The Zimbabwean national police begins planting jatropha for a pilot project that must result in a daily production of 1000 liters of biodiesel. The Herald (Harare), Via AllAfrica - Jan. 12, 2007.

    In order to meet its Kyoto obligations and to cut dependence on oil, Japan has started importing biofuels from Brazil and elsewhere. And even though the country has limited local bioenergy potential, its Agriculture Ministry will begin a search for natural resources, including farm products and their residues, that can be used to make biofuels in Japan. To this end, studies will be conducted at 900 locations nationwide over a three-year period. The Japan Times - Jan. 12, 2007.

    Chrysler's chief economist Van Jolissaint has launched an arrogant attack on "quasi-hysterical Europeans" and their attitudes to global warming, calling the Stern Review 'dubious'. The remarks illustrate the yawning gap between opinions on climate change among Europeans and Americans, but they also strengthen the view that announcements by US car makers and legislators about the development of green vehicles are nothing more than window dressing. Today, the EU announced its comprehensive energy policy for the 21st century, with climate change at the center of it. BBC News - Jan. 10, 2007.

    The new Canadian government is investing $840,000 into BioMatera Inc. a biotech company that develops industrial biopolymers (such as PHA) that have wide-scale applications in the plastics, farmaceutical and cosmetics industries. Plant-based biopolymers such as PHA are biodegradable and renewable. Government of Canada - Jan. 9, 2007.

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Friday, November 17, 2006

African expert: mine water can be used to grow biofuels

Experts on natural resource management in the developing world are analysing ways to integrate biofuel production with other activities, most notably mining operations. Earlier we referred to the potential of energy plantations to function as bioremediation components on polluted and degraded industrial sites (earlier post on phytoremediation of coal-bed methane water, and on turning brownfields into greenfields using, for example, miscanthus). When grown on mining sites, biofuel crops - which are not grown for human consumption - can do several things at the same time: they clean up water resources, contain the spread of fine and dangerous particles which affect people living in the vicinity and halt progressive erosion (earlier post). Using degraded mining sites means no valuable agricultural land is taken up.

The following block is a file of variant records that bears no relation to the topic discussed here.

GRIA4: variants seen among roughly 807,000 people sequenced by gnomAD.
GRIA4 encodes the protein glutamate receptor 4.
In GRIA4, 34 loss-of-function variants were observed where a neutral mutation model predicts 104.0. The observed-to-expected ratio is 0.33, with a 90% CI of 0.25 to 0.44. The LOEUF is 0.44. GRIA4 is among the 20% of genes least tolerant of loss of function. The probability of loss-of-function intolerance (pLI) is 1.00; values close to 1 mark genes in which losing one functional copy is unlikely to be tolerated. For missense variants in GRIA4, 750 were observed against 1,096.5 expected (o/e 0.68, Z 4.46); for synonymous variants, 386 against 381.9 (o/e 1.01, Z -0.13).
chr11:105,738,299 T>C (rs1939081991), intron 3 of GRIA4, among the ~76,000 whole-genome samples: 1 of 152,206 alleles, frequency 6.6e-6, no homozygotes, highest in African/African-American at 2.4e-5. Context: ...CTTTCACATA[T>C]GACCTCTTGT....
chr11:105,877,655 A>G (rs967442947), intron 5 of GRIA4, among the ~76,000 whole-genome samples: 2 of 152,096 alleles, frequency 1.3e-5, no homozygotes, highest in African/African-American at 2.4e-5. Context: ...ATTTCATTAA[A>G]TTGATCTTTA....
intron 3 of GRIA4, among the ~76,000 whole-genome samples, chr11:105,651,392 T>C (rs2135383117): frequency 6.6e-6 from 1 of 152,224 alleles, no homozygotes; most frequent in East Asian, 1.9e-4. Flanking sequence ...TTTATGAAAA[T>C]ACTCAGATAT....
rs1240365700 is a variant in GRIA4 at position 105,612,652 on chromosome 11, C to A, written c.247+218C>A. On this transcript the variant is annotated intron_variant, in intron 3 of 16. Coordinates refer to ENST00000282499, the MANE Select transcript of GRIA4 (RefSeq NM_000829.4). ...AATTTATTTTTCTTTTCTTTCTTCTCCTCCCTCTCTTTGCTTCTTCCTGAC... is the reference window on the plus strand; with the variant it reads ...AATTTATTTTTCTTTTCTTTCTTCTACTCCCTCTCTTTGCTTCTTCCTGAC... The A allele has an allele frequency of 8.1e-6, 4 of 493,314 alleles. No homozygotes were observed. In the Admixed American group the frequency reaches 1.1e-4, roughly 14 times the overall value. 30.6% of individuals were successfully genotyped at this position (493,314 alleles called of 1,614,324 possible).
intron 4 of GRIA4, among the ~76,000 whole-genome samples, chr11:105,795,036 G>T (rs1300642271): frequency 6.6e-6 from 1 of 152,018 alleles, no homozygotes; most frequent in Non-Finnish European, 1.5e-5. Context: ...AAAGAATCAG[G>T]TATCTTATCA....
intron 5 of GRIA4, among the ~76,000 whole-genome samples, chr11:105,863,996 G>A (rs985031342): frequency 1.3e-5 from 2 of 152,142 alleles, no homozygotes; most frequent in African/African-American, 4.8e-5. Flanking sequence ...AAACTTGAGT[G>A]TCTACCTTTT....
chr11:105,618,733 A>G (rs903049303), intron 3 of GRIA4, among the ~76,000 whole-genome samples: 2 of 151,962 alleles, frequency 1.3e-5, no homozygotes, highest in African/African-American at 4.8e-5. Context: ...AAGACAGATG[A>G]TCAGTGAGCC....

Now one of South Africa’s most perseverant proponents of biofuels, Dr Robbie Robinson, says that there are many other ways in which the African mining industry can contribute to the production of biofuels. He has developed a number of concepts, which, if explored further, could result in downstream agricultural opportunities.

Robinson has combined the targets of sustainability and creation of work opportunities with small-lot drip-irrigation farming, which could use water effluents – such as those resulting from mining operations – to produce biofuel crops. Clusters of farms that produce these crops can then contribute their produce to a central facility, where it can be processed into biofuels. Robinson thinks that the capacity for biofuel crop production in small-lot farming is surprisingly large.

His calculations show that the creation of 1 million much needed agricultural jobs and the production of 40% of South Africa’s fuel requirements are not beyond the bounds of possibility. Achieving these targets will require irrigation water, which, although much less than is used by conventional agriculture, is still in the order of 5 billion litres a day.

The mining industry produces millions of litres of water effluent every day, which can contribute to meeting the requirements of drip irrigation. Moreover, the mining industry’s logistics and organisation capabilities can also play a meaningful part in Robinson’s concept for the production of biofuels:

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Robinson explains that, although the proposed farming method does not require a high level of skills and is suitable for all ages, male or female, there has to be supervision, discipline and direction. “For more than a century, the mining industry has shown that it is a master in achieving such coordination.

“And in the new climate of sustainability in terms of the Mining Charter, it should be willing and adept at starting the evolution of such cluster farming concepts,” Robinson says.